Friday 30th July 2021
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Tony Elumelu Foundation, European Union to empower 2,500 African women

The Tony Elumelu Foundation (TEF), a philanthropy committed to empowering young African entrepreneurs, has announced a partnership with the European Union to identify, train, mentor and fund 2,500 young African women entrepreneurs in 2021.

Joyce Awojoodu
Joyce Awojoodu, a beneficiary of the TEF Entrepreneurship Programme

The partnership will disburse €20 million in financial and technical support for women-owned businesses, across all 54 African countries, in addition to providing increased access to market linkages, supply chains and venture capital investments.

The joint initiative will significantly strengthen and deepen the EU-Africa partnership, builds on the platform and experience of the $100 million TEF Entrepreneurship Programme, and forms part of the EU External Investment Plan to support women economic empowerment within the EU Gender Action Plan (GAP III).

Commenting on the partnership, Tony Elumelu, Founder of the Tony Elumelu Foundation, said: “We are delighted to partner with the European Union, sharing our unique ability to identify, train, mentor and fund young entrepreneurs across Africa.  This joint effort will prioritise and provide economic opportunities for African women, whom for too long have endured systemic obstacles to starting, growing and sustaining their businesses.  Our partnership will alleviate the funding, knowledge and market constraints threatening the livelihoods of women entrepreneurs on the continent, to create more income, jobs, growth and scale for women-owned businesses.”

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The EU Commissioner for International Partnerships, Jutta Urpilainen, said: “This partnership with the Tony Elumelu Foundation will help women participants in economic development, realise their full potential and accelerate economic inclusion.  Empowering women entrepreneurs is a key driver for sustainable jobs and growth, especially in the context of the COVID-19 pandemic and in line with the objectives of our African Strategy.  Women and girls represent half of the world’s population and they deserve equal opportunities.”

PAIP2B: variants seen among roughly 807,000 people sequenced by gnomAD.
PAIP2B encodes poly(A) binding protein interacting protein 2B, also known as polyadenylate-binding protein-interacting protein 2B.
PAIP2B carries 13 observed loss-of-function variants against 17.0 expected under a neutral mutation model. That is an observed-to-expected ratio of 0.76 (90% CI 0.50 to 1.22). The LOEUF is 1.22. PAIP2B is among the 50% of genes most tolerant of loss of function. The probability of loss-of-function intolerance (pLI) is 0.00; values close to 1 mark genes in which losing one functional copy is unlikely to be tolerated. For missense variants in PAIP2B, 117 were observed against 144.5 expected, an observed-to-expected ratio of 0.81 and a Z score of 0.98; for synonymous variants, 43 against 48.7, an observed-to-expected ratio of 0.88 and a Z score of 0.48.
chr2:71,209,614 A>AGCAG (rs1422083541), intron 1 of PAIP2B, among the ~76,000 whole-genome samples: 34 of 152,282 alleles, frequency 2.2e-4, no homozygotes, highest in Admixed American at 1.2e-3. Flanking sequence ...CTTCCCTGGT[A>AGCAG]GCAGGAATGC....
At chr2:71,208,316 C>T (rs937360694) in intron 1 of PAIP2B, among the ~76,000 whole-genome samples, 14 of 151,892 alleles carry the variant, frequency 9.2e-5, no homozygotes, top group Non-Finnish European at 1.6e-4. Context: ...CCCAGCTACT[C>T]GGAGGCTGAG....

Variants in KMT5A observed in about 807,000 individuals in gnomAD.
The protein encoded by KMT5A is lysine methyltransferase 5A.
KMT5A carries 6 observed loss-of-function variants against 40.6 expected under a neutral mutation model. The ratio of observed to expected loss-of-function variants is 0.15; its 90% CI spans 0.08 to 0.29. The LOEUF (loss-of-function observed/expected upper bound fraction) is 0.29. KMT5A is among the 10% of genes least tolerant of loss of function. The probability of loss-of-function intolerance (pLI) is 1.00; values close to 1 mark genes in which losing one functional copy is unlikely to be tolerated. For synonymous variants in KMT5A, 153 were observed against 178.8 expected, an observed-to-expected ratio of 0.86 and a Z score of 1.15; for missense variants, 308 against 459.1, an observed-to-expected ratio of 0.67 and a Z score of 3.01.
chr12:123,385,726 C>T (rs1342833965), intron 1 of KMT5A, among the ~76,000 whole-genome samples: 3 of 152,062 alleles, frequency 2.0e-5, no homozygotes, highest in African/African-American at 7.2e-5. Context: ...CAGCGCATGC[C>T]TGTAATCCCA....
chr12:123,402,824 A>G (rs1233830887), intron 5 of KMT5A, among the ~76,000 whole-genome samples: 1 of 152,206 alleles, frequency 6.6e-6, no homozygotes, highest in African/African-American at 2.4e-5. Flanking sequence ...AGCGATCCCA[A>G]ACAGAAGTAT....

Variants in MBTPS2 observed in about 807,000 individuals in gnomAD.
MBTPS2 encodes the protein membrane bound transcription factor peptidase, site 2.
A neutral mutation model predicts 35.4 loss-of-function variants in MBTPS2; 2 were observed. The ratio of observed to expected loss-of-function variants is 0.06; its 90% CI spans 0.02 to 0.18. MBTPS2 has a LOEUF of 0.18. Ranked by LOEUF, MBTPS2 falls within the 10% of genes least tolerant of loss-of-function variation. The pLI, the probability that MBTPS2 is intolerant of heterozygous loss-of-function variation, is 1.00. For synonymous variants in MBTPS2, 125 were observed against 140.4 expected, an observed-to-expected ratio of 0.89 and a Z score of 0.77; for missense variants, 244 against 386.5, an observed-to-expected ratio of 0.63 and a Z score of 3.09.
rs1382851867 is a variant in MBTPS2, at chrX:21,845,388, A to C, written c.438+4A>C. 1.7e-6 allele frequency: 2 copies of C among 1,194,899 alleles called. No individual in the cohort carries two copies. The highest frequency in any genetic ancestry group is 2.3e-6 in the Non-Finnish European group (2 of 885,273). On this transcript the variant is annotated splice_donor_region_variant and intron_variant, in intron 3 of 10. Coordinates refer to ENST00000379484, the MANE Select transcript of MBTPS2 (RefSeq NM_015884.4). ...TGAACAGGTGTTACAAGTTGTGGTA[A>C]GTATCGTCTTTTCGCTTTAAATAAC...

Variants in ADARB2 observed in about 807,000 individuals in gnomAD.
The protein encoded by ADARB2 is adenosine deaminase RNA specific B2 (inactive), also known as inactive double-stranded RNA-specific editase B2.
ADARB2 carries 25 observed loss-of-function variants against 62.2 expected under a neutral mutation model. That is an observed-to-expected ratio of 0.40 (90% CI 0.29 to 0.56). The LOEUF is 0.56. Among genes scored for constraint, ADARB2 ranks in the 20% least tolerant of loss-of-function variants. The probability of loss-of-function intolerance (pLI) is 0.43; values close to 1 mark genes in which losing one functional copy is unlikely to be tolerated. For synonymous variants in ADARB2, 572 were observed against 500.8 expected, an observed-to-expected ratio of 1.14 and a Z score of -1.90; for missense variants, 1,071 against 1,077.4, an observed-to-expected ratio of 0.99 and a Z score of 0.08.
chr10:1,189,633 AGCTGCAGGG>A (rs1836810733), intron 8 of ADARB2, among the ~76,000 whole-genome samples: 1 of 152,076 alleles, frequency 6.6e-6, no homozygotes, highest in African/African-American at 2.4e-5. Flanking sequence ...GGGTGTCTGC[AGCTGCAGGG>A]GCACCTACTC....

The Tony Elumelu Foundation, which marks 10 years of impact this year, is empowering a new generation of African entrepreneurs, catalysing economic growth, driving poverty eradication and ensuring job creation across all 54 African countries. 

The Foundation said it has trained, mentored and funded nearly 10,000 young African entrepreneurs from 54 African countries, and continues to provide capacity-building support, advisory and market linkages to over 1 million Africans through its digital networking platform, TEFConnect.

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TEF’s female success stories, it was gathered, include Joyce Awojoodu, from Nigeria, who launched a luxury botanically based product line and spa clinic in Lagos, in 2015.  The brand ORÍKÌ, caters to both men and women, and strictly uses raw materials and natural ingredients from Africa.

Awojoodu’s favourite element of the TEF Entrepreneurship Programme was the mentorship, which she described as “phenomenal”’ and “invaluable” for ORÍKÌ. 

In her own words, “each Tef Entrepreneur was assigned a mentor and I could not have asked for a better one.  TEF connected us.  Now the mentorship continues, and I know I will always have an ear to share my thoughts about the business with a person who can also offer advice”.

Mavis Mduchwa, an agribusiness entrepreneur from Botswana, founded Chabana Farms, a poultry farm providing training and work for unemployed young people.  Even though agriculture accounts for 32% of Africa’s gross domestic product, land ownership and access to land remains a significant challenge for many farmers, especially women.

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According to Mduchwa, “in Botswana, about 80% of people survive on agriculture, and many of them are women.  But, if as a woman you want to turn it into a business, you have a challenge of finding land.”  Mduchwa has used the seed capital and training from TEF to significantly expand her operations.

The programme co-funded by the European Union, the Organisation of African, Caribbean, and Pacific State (OACPS), and the German Federal Ministry for Economic Cooperation and Development (BMZ), will further scale the Foundation’s efforts in directly addressing some of the most endemic challenges to African start-ups – skills and capacity gaps, financial constraints and lack of access to mentoring, networks and market linkages.

Following completion of the programme, the entrepreneurs will stay connected to partners and to each other through their lifetime membership on TEFConnect.  TEF has set up Country Chapters in 54 African countries to support the entrepreneurs as they grow and expand their businesses.

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